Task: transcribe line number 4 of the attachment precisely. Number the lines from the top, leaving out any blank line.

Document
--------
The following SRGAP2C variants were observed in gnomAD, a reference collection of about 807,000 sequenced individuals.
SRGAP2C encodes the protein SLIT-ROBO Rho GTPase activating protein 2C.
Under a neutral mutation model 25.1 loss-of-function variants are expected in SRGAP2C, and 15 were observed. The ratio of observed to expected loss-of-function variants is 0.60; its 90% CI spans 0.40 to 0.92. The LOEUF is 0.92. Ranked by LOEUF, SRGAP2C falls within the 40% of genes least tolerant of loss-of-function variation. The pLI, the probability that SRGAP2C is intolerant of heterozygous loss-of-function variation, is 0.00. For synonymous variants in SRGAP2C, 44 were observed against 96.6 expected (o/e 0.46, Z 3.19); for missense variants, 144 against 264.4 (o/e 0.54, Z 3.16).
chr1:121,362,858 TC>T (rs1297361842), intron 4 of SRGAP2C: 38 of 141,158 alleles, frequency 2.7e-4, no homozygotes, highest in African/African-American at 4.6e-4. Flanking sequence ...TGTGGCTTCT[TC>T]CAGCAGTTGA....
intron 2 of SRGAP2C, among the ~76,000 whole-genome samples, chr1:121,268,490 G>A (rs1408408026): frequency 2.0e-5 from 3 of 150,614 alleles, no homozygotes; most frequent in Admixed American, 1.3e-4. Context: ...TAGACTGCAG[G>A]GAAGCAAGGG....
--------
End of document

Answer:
chr1:121,362,858 TC>T (rs1297361842), intron 4 of SRGAP2C: 38 of 141,158 alleles, frequency 2.7e-4, no homozygotes, highest in African/African-American at 4.6e-4. Flanking sequence ...TGTGGCTTCT[TC>T]CAGCAGTTGA....